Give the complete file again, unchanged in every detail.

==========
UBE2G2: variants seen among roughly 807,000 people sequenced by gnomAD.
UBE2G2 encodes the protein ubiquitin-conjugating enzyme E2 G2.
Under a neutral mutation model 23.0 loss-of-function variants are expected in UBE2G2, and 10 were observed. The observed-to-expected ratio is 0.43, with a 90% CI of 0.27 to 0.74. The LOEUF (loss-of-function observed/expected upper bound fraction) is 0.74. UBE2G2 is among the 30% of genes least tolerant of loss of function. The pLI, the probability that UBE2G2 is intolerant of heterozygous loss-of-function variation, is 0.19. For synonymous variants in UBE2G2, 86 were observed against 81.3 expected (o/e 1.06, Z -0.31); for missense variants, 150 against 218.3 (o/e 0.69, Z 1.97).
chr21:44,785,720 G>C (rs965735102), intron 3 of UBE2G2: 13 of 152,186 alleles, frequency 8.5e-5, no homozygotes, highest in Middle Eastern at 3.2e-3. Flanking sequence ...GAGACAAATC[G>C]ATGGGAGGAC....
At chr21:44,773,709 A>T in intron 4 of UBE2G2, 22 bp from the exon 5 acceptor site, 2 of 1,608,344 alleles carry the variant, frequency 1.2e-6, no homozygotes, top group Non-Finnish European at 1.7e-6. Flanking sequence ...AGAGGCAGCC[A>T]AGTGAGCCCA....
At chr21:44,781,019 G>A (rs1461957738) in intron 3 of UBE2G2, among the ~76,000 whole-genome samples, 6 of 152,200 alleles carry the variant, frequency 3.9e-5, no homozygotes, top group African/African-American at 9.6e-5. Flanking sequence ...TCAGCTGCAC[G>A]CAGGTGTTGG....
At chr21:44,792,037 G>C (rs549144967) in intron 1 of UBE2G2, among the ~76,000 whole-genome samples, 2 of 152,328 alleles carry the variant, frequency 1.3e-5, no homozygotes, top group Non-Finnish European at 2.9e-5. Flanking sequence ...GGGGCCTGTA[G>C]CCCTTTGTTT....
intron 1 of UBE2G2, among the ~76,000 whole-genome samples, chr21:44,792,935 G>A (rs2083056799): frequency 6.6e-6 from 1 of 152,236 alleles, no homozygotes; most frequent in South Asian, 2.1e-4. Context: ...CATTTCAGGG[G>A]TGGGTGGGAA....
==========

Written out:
UBE2G2: variants seen among roughly 807,000 people sequenced by gnomAD.
UBE2G2 encodes the protein ubiquitin-conjugating enzyme E2 G2.
Under a neutral mutation model 23.0 loss-of-function variants are expected in UBE2G2, and 10 were observed. The observed-to-expected ratio is 0.43, with a 90% CI of 0.27 to 0.74. The LOEUF (loss-of-function observed/expected upper bound fraction) is 0.74. UBE2G2 is among the 30% of genes least tolerant of loss of function. The pLI, the probability that UBE2G2 is intolerant of heterozygous loss-of-function variation, is 0.19. For synonymous variants in UBE2G2, 86 were observed against 81.3 expected (o/e 1.06, Z -0.31); for missense variants, 150 against 218.3 (o/e 0.69, Z 1.97).
chr21:44,785,720 G>C (rs965735102), intron 3 of UBE2G2: 13 of 152,186 alleles, frequency 8.5e-5, no homozygotes, highest in Middle Eastern at 3.2e-3. Flanking sequence ...GAGACAAATC[G>C]ATGGGAGGAC....
At chr21:44,773,709 A>T in intron 4 of UBE2G2, 22 bp from the exon 5 acceptor site, 2 of 1,608,344 alleles carry the variant, frequency 1.2e-6, no homozygotes, top group Non-Finnish European at 1.7e-6. Flanking sequence ...AGAGGCAGCC[A>T]AGTGAGCCCA....
At chr21:44,781,019 G>A (rs1461957738) in intron 3 of UBE2G2, among the ~76,000 whole-genome samples, 6 of 152,200 alleles carry the variant, frequency 3.9e-5, no homozygotes, top group African/African-American at 9.6e-5. Flanking sequence ...TCAGCTGCAC[G>A]CAGGTGTTGG....
At chr21:44,792,037 G>C (rs549144967) in intron 1 of UBE2G2, among the ~76,000 whole-genome samples, 2 of 152,328 alleles carry the variant, frequency 1.3e-5, no homozygotes, top group Non-Finnish European at 2.9e-5. Flanking sequence ...GGGGCCTGTA[G>C]CCCTTTGTTT....
intron 1 of UBE2G2, among the ~76,000 whole-genome samples, chr21:44,792,935 G>A (rs2083056799): frequency 6.6e-6 from 1 of 152,236 alleles, no homozygotes; most frequent in South Asian, 2.1e-4. Context: ...CATTTCAGGG[G>A]TGGGTGGGAA....